Support the ‘Prince’

Please disable ad blockers for our domain. Thank you!

In the 2018 fall sports season, a remarkable five Princeton teams earned conference championships. Here, we briefly recap those seasons.

Field hockey (Molly Milligan, staff writer)

This season, field hockey (15–5 overall, 6–1 Ivy) established themselves as one of the top-tier teams in the nation. The Tigers began the 2018 campaign ranked 10th in the Penn Monto/NFHCA Division I Coaches’ Poll and would only see their stock rise as the season wore on.

The Tigers got off to a hot start with impressive wins over then-No. 5 Penn State and then-No. 4 Duke in the span of less than a week. Junior fullback Carlotta von Gierke said those two games showed the team they “not only had the ability to compete with the top teams but also beat them…. It showed us that our hard work during the off-season and preseason really paid off and that we are able to build and grow from there.”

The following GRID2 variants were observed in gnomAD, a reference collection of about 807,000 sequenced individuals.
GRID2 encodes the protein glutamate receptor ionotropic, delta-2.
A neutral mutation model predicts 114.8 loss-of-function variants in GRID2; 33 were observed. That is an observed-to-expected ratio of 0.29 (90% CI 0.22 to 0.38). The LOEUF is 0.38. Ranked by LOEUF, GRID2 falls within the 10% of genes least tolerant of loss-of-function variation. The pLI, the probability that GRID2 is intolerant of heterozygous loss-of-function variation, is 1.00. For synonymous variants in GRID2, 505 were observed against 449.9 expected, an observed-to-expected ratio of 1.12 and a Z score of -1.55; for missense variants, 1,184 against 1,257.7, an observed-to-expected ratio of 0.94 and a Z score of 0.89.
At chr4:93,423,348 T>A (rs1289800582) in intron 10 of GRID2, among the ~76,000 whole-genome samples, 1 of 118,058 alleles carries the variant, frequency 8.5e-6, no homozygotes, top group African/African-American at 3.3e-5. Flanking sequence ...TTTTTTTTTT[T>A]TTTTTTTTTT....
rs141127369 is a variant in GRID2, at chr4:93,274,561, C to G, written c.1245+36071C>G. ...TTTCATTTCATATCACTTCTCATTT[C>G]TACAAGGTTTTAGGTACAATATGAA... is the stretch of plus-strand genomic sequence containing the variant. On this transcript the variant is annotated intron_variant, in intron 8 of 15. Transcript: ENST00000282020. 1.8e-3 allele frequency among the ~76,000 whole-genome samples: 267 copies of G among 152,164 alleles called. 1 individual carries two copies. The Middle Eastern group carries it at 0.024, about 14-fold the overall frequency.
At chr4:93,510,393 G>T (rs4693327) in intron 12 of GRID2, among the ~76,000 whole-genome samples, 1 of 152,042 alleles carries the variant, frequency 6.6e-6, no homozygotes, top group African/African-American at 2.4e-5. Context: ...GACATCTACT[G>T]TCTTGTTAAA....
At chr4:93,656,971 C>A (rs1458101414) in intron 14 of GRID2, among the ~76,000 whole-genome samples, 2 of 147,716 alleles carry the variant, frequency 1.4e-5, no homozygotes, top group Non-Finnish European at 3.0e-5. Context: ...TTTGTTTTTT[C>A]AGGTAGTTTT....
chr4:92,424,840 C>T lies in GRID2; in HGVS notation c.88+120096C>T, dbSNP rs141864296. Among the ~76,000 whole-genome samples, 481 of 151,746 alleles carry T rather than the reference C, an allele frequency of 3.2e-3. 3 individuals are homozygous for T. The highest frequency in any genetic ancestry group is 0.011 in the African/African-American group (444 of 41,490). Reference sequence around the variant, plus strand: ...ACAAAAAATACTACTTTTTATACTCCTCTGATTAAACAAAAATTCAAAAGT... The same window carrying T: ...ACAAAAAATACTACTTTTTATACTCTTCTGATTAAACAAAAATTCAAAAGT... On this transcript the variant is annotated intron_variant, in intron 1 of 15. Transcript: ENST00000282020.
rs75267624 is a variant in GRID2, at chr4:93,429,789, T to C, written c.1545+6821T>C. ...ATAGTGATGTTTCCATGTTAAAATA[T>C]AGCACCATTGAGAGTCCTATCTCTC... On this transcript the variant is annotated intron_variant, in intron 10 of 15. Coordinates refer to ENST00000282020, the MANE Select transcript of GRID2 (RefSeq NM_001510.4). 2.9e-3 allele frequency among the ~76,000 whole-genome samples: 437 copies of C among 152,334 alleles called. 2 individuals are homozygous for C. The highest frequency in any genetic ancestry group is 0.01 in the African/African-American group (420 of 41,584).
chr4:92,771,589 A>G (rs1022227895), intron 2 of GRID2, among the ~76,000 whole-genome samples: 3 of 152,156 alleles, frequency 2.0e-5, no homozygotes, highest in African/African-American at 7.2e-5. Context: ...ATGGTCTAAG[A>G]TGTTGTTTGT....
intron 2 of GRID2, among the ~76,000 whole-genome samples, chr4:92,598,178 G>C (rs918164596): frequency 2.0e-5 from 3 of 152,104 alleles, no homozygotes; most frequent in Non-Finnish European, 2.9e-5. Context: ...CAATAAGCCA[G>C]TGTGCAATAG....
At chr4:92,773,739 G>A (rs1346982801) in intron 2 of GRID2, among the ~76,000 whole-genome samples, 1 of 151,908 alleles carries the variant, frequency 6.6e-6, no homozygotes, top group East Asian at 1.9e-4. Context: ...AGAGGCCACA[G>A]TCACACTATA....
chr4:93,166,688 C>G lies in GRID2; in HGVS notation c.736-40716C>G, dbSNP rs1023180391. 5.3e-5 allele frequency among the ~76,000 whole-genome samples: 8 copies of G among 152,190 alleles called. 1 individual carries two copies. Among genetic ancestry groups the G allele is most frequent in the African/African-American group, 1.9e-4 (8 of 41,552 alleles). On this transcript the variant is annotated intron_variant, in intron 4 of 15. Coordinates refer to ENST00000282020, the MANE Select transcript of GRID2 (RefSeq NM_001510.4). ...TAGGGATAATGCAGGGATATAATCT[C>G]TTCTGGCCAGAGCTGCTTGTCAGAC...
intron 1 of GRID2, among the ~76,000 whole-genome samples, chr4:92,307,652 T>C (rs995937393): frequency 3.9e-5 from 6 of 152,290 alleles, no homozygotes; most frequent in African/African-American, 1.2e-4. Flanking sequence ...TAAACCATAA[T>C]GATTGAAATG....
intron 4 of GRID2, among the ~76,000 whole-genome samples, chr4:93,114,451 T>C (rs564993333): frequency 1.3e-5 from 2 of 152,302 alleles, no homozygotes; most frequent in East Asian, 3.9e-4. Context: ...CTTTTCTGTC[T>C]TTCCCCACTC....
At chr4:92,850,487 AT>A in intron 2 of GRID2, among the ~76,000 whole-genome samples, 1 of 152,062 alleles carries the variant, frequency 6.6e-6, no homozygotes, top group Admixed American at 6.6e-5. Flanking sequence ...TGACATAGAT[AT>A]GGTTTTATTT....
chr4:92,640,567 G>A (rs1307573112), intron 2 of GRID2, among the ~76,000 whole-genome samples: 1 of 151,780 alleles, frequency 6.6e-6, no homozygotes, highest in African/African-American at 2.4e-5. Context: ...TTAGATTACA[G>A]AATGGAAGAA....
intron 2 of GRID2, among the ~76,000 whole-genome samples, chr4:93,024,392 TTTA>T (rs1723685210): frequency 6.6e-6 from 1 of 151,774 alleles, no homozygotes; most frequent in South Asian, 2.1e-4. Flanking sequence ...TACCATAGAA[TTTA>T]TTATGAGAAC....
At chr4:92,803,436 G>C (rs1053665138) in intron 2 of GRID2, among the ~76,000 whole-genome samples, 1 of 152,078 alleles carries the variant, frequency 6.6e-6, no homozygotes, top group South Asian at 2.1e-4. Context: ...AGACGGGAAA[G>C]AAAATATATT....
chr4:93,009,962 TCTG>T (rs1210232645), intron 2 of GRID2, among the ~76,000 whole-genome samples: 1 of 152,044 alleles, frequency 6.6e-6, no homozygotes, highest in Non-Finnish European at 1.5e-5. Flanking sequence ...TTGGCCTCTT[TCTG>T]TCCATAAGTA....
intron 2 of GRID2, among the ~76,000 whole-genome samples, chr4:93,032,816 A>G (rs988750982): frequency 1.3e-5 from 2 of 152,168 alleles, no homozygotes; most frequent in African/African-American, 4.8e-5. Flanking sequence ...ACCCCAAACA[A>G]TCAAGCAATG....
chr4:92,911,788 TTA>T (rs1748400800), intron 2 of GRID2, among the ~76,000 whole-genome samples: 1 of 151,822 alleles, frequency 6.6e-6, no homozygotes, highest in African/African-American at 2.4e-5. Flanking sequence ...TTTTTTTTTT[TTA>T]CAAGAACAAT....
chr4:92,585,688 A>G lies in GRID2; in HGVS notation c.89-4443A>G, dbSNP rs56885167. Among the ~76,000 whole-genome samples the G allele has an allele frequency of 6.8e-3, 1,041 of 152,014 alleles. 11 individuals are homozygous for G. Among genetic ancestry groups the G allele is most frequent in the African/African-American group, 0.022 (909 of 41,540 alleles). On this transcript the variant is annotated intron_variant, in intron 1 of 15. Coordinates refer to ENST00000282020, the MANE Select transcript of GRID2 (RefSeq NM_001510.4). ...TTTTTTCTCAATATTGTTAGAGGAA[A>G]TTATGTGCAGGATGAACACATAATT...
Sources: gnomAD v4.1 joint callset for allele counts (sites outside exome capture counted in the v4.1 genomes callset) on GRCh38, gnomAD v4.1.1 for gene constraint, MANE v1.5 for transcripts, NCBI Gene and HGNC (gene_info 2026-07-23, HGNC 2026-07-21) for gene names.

Princeton built off its early wins by dominating Ivy League foes, save for a 3–1 defeat at Harvard. Sophomore striker Clara Roth was named Ivy League Co-Offensive Player of the Year. Roth was the centerpiece of a sustained Tiger attack, scoring 32 points on the year. Senior fullback Elise Wong was named Ivy League Defensive Player of the Year. Wong anchored a defense the served five shutouts in conference matches and allowed just 1.21 goals per game.

Just 10 days ago, Princeton rose to number four in the rankings, just in time to finish up a stellar campaign at the NCAA Final Four in Louisville, Ky. The Tigers earned a spot in a national semifinal against the No. 2 Maryland Terrapins after defeating No. 13 Virginia and exacting revenge on No. 6 Harvard in the tournament’s early rounds.

What would be Princeton’s final match of the season was a classic overtime thriller, and the first national semifinal since 1989 to go scoreless through regulation. Though Maryland would score in extra time to advance the championship, any fan could see that Princeton played an amazing game, owning possession of the ball and putting up an incredible defensive front.

The team is poised for another strong season next year, as it returns with all but two starters.

Jacquelyn Davila


Football (Jack Graham, associate sports editor)